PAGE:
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The Right to Discriminate

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The barring of women from a golf club may seem politically incorrect to some, but it is not illegal, according to the Irish supreme court. In a 3-2 decision, the court ruled that the Portmarnock Golf Club in Dublin may continue to deny membership to women.

The case arose in 2002 when the Equality Authority of Ireland filed a complaint on behalf of the National Women’s Council of Ireland following similar protests against the men-only membership policy of the Augusta National Golf Club, site of the famous Masters Tournament, in the United States. In 2004, the Dublin District Court ruled that the club’s practice violated Ireland’s Equal Status Law, imple-mented in 2000, and threatened to revoke its bar license if the club did not offer women equal access to the clubhouse, which resulted in an appeal to the supreme court.

The club acknowledged that it discriminated in favor of men, but noted that the anti-discrimination law allows exceptions for all-male and all-female clubs. While the end result was the correct decision, it is too bad that the club’s case had to center on the exception in the law, rather than on the principle that, in a free society, trade is based on contracts and voluntary exchange, and people have the freedom to do what they wish with their private property, even if others disagree with those decisions. To mandate that the club offer memberships to women would have violated the club’s right of contract — to establish its own policies for use of its private property — and would have effectively given the “victims” of discrimination the right of trespass. Moreover, such a ruling would have interfered with club members’ freedom of association.

The beauty of the free-market system, however, is that wherever there is a demand for a good or service, there is an incentive for someone to profit by satisfying that demand. While women may not be able to enjoy membership at this particular club, or others like it, many women enjoy golf just as much as men and there are numerous other clubs eager to welcome them as members because it is more profitable for them to do so, they feel that having both male and female members offers a richer experience and social environment for members, or they simply think it is the right thing to do. Maybe others will operate women-only golf clubs in order to offer a different type of experience and atmosphere, just as many businesses have been very successful operating women-only health clubs. Of course, that does not mean that everyone must agree with an individual’s or business’s views or policies, and others are free to voice their objections or try to influence those policies through peaceable boycott, as long as they do not resort to violence, the threat of violence, or the destruction of private property.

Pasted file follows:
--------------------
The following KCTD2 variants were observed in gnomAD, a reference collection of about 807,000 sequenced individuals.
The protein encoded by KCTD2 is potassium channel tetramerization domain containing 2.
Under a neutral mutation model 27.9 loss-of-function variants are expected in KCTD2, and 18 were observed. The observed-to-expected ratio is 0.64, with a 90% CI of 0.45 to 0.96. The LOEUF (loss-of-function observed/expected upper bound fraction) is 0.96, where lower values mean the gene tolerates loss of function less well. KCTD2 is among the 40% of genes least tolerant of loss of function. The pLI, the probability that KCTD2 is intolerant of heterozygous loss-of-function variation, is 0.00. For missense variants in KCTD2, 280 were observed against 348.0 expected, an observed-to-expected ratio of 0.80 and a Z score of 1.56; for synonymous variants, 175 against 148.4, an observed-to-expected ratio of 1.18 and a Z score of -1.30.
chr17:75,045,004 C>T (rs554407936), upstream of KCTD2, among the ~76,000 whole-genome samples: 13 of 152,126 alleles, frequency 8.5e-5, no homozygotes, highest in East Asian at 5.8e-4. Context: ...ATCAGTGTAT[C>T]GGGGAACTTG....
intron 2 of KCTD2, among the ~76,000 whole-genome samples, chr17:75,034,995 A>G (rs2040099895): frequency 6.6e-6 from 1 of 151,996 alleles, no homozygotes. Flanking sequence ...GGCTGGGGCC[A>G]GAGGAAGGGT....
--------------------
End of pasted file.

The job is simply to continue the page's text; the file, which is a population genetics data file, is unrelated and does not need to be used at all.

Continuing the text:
An essential freedom

It is true that discrimination can take ugly forms when it comes to the ill treatment of others because of irrational prejudices, but it is not necessarily a dirty word. We discriminate when we choose the kinds of clothes we wear, the kind of food we eat, the kinds of people we wish to be friends with or date (just think of all the criteria people screen for on the average dating service: gender, sexual preference, age, race, education level, geographic proximity, religion, political views, et cetera), or how we think and act when a shady-looking character approaches us on the street.

In the economic realm, businesses offer different prices to seniors, students, members of the military, first-time buyers (especially for big-ticket items such as homes and automobiles), and so forth. Bars and clubs oftentimes offer waived or reduced cover charges and drink specials to women through “Ladies’ Night” promotions. There is nothing nefarious about these forms of discrimination; they are simply effective marketing and business practices. Those who do find them objectionable, however, are free to patronize other establishments.

The freedom to discriminate does not mean that every kind of discrimination is a good thing, any more than the freedom to abuse alcohol or hit oneself repeatedly over the head with a baseball bat constitutes good sense or morals. And in no case may one use discrimination as a justification to violate another’s rights to his life, liberty, or property. But defending the freedom of others to make bad decisions — again, provided that they do not infringe on the fundamental rights of others — is essential if we are to preserve our freedom to make decisions generally about our own lives and property.

This article originally appeared in the August 2010 edition of Freedom Daily.

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    Adam B. Summers is a policy analyst at the Reason Foundation and a contributor to “The Libertarian Perspective,” a weekly column of free-market, libertarian thought. He holds a master’s degree in economics from George Mason University.